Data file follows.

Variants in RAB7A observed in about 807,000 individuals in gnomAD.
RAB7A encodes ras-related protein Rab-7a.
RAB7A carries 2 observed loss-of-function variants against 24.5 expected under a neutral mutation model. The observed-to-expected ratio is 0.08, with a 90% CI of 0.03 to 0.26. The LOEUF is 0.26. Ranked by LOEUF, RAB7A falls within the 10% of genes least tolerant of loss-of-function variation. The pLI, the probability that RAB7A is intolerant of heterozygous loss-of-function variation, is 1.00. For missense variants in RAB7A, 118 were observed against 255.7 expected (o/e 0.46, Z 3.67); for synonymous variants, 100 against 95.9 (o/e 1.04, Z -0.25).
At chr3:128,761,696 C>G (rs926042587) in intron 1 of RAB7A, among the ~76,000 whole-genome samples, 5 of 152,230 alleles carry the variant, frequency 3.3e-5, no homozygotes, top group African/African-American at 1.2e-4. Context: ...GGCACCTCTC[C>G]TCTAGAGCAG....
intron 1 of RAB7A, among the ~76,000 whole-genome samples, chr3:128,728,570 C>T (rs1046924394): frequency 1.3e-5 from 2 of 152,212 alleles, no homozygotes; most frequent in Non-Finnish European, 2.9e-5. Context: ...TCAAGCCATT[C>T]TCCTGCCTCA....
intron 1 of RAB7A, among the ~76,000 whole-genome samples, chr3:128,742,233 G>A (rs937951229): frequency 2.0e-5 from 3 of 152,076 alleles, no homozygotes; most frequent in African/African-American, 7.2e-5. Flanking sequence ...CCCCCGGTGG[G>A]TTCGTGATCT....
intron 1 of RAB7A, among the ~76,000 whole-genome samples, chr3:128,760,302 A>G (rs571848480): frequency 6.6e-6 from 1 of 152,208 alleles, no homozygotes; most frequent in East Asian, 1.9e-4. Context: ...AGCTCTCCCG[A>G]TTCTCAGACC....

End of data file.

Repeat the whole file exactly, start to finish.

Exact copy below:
Variants in RAB7A observed in about 807,000 individuals in gnomAD.
RAB7A encodes ras-related protein Rab-7a.
RAB7A carries 2 observed loss-of-function variants against 24.5 expected under a neutral mutation model. The observed-to-expected ratio is 0.08, with a 90% CI of 0.03 to 0.26. The LOEUF is 0.26. Ranked by LOEUF, RAB7A falls within the 10% of genes least tolerant of loss-of-function variation. The pLI, the probability that RAB7A is intolerant of heterozygous loss-of-function variation, is 1.00. For missense variants in RAB7A, 118 were observed against 255.7 expected (o/e 0.46, Z 3.67); for synonymous variants, 100 against 95.9 (o/e 1.04, Z -0.25).
At chr3:128,761,696 C>G (rs926042587) in intron 1 of RAB7A, among the ~76,000 whole-genome samples, 5 of 152,230 alleles carry the variant, frequency 3.3e-5, no homozygotes, top group African/African-American at 1.2e-4. Context: ...GGCACCTCTC[C>G]TCTAGAGCAG....
intron 1 of RAB7A, among the ~76,000 whole-genome samples, chr3:128,728,570 C>T (rs1046924394): frequency 1.3e-5 from 2 of 152,212 alleles, no homozygotes; most frequent in Non-Finnish European, 2.9e-5. Context: ...TCAAGCCATT[C>T]TCCTGCCTCA....
intron 1 of RAB7A, among the ~76,000 whole-genome samples, chr3:128,742,233 G>A (rs937951229): frequency 2.0e-5 from 3 of 152,076 alleles, no homozygotes; most frequent in African/African-American, 7.2e-5. Flanking sequence ...CCCCCGGTGG[G>A]TTCGTGATCT....
intron 1 of RAB7A, among the ~76,000 whole-genome samples, chr3:128,760,302 A>G (rs571848480): frequency 6.6e-6 from 1 of 152,208 alleles, no homozygotes; most frequent in East Asian, 1.9e-4. Context: ...AGCTCTCCCG[A>G]TTCTCAGACC....